I think it would be interesting to hear what others think about this. Is there little edge in a strategy that is so subjective? Are any others in similar situations?

I think some of these differences of opinion just come from the fact that once someone finds something that works for them, they will naturally favor it over anything else -- some will get downright dogmatic about it. But actually, different traders successfully use different methods, sometimes methods that have nothing to do with each other, or at least it seems like they don't. (I think that anything that works in trading is really just taking a different slice of the same reality -- buying and selling -- that every other workable method is also taking its own particular slice of. But that's just my opinion.)

These differences in views are inevitable, unfortunately, although not everyone will necessarily be rigid about it. But of course, some will. That's human nature.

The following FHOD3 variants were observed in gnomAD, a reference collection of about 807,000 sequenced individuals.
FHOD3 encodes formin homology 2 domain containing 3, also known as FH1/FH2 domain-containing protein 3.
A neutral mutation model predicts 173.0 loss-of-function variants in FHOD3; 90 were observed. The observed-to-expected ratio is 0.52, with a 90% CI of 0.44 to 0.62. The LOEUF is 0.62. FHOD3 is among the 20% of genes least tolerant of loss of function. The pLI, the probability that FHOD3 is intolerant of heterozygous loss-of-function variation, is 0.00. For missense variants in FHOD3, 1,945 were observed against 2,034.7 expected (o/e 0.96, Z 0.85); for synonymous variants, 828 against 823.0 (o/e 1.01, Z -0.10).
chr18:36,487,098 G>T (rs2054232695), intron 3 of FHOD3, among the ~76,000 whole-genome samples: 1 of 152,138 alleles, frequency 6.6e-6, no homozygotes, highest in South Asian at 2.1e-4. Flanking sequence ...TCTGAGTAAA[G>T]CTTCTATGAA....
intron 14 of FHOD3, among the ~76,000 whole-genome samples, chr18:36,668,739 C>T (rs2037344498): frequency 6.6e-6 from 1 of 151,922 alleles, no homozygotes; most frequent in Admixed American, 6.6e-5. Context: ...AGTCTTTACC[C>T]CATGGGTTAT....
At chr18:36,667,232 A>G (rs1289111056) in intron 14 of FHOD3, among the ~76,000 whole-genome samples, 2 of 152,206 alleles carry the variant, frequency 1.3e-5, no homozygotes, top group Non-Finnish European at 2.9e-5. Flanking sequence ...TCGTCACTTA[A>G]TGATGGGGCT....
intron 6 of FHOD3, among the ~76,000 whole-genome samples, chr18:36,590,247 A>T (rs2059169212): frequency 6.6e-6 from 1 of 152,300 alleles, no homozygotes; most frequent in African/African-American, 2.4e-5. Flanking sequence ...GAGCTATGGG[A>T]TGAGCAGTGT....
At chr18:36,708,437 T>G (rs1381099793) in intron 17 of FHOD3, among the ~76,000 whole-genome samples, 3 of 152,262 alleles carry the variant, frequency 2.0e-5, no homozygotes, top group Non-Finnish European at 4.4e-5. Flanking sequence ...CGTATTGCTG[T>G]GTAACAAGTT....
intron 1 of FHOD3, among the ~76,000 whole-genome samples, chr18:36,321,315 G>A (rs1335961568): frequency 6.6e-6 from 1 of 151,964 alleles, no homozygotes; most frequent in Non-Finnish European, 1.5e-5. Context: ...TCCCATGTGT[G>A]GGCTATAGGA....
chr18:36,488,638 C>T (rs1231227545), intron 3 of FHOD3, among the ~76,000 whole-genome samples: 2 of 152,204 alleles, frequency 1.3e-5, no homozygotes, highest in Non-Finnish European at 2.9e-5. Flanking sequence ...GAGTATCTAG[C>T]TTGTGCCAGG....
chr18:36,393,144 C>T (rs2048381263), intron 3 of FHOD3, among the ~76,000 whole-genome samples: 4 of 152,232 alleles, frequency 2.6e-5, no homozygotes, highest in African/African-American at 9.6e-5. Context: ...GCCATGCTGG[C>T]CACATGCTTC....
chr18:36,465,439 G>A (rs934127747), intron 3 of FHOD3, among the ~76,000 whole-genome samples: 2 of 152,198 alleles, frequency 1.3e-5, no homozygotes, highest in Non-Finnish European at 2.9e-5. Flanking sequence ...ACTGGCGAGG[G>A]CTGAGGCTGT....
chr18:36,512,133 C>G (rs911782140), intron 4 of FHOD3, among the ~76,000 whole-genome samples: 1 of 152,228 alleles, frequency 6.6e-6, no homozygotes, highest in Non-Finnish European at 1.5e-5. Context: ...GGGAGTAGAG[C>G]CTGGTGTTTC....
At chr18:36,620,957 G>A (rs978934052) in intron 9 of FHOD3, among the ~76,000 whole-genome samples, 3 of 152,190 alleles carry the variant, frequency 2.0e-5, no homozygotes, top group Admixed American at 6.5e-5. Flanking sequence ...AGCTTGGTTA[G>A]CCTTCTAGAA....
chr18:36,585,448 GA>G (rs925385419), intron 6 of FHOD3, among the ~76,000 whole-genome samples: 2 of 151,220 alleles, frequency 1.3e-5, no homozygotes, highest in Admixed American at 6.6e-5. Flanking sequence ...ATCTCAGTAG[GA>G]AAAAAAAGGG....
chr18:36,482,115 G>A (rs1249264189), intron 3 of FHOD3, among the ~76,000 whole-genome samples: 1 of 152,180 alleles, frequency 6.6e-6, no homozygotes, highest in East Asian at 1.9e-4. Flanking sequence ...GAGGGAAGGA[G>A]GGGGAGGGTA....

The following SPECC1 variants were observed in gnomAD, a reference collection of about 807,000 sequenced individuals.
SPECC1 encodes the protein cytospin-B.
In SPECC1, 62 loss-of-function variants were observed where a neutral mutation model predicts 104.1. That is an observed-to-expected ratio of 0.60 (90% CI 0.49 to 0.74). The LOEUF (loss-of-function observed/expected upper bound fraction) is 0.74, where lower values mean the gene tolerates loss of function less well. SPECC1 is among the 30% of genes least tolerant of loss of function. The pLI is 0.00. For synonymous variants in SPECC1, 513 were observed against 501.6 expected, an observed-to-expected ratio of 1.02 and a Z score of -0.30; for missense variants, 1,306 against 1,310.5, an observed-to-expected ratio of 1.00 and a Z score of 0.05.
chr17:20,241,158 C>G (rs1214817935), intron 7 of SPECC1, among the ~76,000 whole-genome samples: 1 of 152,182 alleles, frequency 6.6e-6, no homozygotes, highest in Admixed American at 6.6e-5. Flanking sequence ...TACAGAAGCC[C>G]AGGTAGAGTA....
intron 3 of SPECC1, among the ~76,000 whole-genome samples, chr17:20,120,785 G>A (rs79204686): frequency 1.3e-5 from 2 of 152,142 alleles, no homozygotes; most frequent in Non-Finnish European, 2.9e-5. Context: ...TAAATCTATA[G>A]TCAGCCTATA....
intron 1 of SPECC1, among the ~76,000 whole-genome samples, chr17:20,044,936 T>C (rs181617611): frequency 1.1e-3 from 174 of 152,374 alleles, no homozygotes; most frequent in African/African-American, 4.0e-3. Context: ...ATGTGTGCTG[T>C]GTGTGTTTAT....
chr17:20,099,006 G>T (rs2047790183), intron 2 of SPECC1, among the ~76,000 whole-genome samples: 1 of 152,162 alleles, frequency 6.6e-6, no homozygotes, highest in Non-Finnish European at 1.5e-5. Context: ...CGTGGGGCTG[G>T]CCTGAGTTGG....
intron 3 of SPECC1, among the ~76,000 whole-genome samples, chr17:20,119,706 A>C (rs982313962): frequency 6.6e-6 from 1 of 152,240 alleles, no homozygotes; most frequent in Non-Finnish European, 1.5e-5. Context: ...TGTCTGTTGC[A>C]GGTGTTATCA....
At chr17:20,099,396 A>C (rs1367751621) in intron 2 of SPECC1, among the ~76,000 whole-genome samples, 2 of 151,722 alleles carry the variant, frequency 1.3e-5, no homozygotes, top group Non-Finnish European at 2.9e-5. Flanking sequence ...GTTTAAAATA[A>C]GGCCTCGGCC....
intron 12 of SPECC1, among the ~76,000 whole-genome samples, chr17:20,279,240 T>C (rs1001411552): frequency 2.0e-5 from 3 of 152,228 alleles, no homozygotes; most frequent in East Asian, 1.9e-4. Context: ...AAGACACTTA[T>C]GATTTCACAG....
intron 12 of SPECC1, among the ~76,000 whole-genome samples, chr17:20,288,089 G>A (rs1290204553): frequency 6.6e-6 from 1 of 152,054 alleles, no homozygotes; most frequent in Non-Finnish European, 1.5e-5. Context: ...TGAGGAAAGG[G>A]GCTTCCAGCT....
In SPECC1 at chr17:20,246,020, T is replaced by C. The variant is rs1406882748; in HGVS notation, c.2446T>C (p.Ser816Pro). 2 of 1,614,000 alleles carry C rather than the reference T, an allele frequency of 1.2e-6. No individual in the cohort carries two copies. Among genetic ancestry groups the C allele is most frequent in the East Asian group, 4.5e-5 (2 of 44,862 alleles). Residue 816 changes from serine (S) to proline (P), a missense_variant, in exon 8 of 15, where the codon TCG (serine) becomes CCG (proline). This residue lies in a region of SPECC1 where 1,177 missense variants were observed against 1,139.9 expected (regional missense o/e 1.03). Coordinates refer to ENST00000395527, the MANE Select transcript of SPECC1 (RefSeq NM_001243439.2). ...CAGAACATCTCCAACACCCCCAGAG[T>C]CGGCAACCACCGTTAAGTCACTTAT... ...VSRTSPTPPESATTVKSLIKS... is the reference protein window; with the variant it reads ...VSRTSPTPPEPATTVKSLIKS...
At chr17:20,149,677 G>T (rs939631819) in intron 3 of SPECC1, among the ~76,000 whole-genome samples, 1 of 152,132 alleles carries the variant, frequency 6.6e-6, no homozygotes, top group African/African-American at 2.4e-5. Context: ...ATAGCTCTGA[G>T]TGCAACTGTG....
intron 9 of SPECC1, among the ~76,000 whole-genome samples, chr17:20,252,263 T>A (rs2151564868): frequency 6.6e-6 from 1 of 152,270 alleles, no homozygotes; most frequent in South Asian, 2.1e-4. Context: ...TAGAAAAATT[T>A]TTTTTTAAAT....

Now, the sellers of books and courses have another motivation, which is selling their stuff. Some certainly believe in what they write and promote, and I'm pretty sure that many realize that it's not worth much, but sell it anyway. That's human nature too, unfortunately.

As to the question about the value of something that is "subjective," if you make money consistently with it, how else would you define "value"? It seems obvious to me that if it works, it's good. If someone has some other criteria, then that would mean that your method has to do something besides make you money, which I don't get the point of.